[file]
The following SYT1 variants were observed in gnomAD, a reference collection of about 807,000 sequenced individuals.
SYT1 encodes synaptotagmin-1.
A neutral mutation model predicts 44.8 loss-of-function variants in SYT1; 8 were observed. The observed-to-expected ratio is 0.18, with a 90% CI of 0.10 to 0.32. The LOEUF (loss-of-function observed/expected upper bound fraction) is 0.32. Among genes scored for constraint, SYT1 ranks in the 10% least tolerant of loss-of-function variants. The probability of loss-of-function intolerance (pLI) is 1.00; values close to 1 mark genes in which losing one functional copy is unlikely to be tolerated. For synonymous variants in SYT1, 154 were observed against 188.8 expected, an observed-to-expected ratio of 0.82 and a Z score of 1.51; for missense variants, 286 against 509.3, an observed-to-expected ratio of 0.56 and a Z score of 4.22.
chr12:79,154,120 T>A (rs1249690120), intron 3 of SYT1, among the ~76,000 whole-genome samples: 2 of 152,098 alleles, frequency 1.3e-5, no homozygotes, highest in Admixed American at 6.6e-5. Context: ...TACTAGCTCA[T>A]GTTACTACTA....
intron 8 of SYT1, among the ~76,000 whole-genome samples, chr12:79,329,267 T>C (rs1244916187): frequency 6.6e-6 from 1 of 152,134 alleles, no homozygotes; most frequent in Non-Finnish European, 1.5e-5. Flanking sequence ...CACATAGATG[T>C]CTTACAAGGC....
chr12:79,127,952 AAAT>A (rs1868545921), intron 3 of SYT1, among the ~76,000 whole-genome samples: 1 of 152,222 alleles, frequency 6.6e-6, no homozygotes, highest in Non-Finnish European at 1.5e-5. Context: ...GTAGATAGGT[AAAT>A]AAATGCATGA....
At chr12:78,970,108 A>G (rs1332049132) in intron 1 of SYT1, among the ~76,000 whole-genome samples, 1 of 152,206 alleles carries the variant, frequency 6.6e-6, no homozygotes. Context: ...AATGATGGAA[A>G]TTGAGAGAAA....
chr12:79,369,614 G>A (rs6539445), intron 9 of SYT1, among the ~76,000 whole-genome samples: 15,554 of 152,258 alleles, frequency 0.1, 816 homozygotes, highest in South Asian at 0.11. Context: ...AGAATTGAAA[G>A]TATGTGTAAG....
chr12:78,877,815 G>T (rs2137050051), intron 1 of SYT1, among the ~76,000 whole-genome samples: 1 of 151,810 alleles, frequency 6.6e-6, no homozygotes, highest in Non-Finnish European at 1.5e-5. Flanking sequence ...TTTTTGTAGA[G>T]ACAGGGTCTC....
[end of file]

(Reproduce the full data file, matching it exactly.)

The following SYT1 variants were observed in gnomAD, a reference collection of about 807,000 sequenced individuals.
SYT1 encodes synaptotagmin-1.
A neutral mutation model predicts 44.8 loss-of-function variants in SYT1; 8 were observed. The observed-to-expected ratio is 0.18, with a 90% CI of 0.10 to 0.32. The LOEUF (loss-of-function observed/expected upper bound fraction) is 0.32. Among genes scored for constraint, SYT1 ranks in the 10% least tolerant of loss-of-function variants. The probability of loss-of-function intolerance (pLI) is 1.00; values close to 1 mark genes in which losing one functional copy is unlikely to be tolerated. For synonymous variants in SYT1, 154 were observed against 188.8 expected, an observed-to-expected ratio of 0.82 and a Z score of 1.51; for missense variants, 286 against 509.3, an observed-to-expected ratio of 0.56 and a Z score of 4.22.
chr12:79,154,120 T>A (rs1249690120), intron 3 of SYT1, among the ~76,000 whole-genome samples: 2 of 152,098 alleles, frequency 1.3e-5, no homozygotes, highest in Admixed American at 6.6e-5. Context: ...TACTAGCTCA[T>A]GTTACTACTA....
intron 8 of SYT1, among the ~76,000 whole-genome samples, chr12:79,329,267 T>C (rs1244916187): frequency 6.6e-6 from 1 of 152,134 alleles, no homozygotes; most frequent in Non-Finnish European, 1.5e-5. Flanking sequence ...CACATAGATG[T>C]CTTACAAGGC....
chr12:79,127,952 AAAT>A (rs1868545921), intron 3 of SYT1, among the ~76,000 whole-genome samples: 1 of 152,222 alleles, frequency 6.6e-6, no homozygotes, highest in Non-Finnish European at 1.5e-5. Context: ...GTAGATAGGT[AAAT>A]AAATGCATGA....
At chr12:78,970,108 A>G (rs1332049132) in intron 1 of SYT1, among the ~76,000 whole-genome samples, 1 of 152,206 alleles carries the variant, frequency 6.6e-6, no homozygotes. Context: ...AATGATGGAA[A>G]TTGAGAGAAA....
chr12:79,369,614 G>A (rs6539445), intron 9 of SYT1, among the ~76,000 whole-genome samples: 15,554 of 152,258 alleles, frequency 0.1, 816 homozygotes, highest in South Asian at 0.11. Context: ...AGAATTGAAA[G>A]TATGTGTAAG....
chr12:78,877,815 G>T (rs2137050051), intron 1 of SYT1, among the ~76,000 whole-genome samples: 1 of 151,810 alleles, frequency 6.6e-6, no homozygotes, highest in Non-Finnish European at 1.5e-5. Flanking sequence ...TTTTTGTAGA[G>T]ACAGGGTCTC....